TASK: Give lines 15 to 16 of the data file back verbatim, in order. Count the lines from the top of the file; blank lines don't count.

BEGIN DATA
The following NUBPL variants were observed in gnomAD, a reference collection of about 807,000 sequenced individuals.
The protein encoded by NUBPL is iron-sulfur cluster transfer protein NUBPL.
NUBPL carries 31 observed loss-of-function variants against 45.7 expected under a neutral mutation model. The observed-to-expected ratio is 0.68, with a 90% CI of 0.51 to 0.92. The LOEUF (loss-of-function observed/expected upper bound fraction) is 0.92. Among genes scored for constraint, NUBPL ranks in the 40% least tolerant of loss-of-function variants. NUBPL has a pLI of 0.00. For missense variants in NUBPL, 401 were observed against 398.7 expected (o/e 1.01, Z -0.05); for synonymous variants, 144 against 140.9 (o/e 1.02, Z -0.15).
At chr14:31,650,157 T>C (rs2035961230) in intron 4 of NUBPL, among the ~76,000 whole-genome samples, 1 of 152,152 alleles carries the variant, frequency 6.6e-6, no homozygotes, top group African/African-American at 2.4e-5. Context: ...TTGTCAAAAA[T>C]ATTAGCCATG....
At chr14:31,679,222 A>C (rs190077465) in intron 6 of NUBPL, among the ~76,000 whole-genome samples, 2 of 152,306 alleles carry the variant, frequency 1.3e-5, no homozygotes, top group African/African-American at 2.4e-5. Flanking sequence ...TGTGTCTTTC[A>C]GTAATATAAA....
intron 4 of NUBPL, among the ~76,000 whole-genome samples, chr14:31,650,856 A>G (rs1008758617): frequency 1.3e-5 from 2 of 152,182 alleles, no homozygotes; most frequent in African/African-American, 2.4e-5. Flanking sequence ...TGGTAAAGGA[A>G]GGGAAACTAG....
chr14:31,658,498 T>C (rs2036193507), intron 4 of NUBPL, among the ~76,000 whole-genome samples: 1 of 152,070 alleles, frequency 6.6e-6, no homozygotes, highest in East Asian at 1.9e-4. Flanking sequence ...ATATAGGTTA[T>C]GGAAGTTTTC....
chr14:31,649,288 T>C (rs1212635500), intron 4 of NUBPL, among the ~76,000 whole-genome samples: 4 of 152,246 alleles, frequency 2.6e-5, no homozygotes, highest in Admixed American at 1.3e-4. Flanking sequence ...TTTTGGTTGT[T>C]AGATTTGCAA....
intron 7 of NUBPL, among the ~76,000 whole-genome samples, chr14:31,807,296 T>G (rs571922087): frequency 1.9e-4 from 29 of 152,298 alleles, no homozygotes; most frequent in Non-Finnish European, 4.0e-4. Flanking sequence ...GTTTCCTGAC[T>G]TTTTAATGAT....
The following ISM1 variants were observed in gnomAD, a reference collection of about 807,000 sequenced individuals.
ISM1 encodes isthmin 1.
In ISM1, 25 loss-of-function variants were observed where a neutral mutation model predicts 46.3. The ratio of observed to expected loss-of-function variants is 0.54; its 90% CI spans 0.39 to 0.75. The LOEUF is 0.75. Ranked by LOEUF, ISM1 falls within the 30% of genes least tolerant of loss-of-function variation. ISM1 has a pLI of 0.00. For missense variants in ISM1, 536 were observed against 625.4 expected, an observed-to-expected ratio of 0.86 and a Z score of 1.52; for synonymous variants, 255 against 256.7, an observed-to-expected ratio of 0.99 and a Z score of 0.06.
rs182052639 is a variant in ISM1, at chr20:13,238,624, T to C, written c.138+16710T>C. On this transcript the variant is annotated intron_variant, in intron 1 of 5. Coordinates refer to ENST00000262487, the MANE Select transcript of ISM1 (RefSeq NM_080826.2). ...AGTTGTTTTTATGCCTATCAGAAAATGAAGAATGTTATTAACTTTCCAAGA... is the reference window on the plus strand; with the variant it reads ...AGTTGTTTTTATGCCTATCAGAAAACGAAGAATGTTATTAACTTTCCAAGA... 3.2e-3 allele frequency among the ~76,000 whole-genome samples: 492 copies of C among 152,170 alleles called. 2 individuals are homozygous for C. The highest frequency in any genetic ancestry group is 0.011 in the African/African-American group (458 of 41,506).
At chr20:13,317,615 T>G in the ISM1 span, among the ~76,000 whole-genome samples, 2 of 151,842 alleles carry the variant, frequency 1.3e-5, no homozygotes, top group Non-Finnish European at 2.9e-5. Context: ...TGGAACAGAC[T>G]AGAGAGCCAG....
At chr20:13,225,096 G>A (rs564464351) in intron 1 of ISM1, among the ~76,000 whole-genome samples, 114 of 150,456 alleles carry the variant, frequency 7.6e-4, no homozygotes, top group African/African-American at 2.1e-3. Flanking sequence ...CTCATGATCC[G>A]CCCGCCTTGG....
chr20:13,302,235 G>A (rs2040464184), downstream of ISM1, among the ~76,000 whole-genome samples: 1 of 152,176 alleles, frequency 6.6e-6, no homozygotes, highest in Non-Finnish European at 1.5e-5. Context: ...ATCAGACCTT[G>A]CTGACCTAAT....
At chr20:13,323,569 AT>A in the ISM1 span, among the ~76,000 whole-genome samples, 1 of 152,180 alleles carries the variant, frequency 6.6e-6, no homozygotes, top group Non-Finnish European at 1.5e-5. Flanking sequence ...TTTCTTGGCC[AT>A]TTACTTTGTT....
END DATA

At chr20:13,225,096 G>A (rs564464351) in intron 1 of ISM1, among the ~76,000 whole-genome samples, 114 of 150,456 alleles carry the variant, frequency 7.6e-4, no homozygotes, top group African/African-American at 2.1e-3. Flanking sequence ...CTCATGATCC[G>A]CCCGCCTTGG....
chr20:13,302,235 G>A (rs2040464184), downstream of ISM1, among the ~76,000 whole-genome samples: 1 of 152,176 alleles, frequency 6.6e-6, no homozygotes, highest in Non-Finnish European at 1.5e-5. Context: ...ATCAGACCTT[G>A]CTGACCTAAT....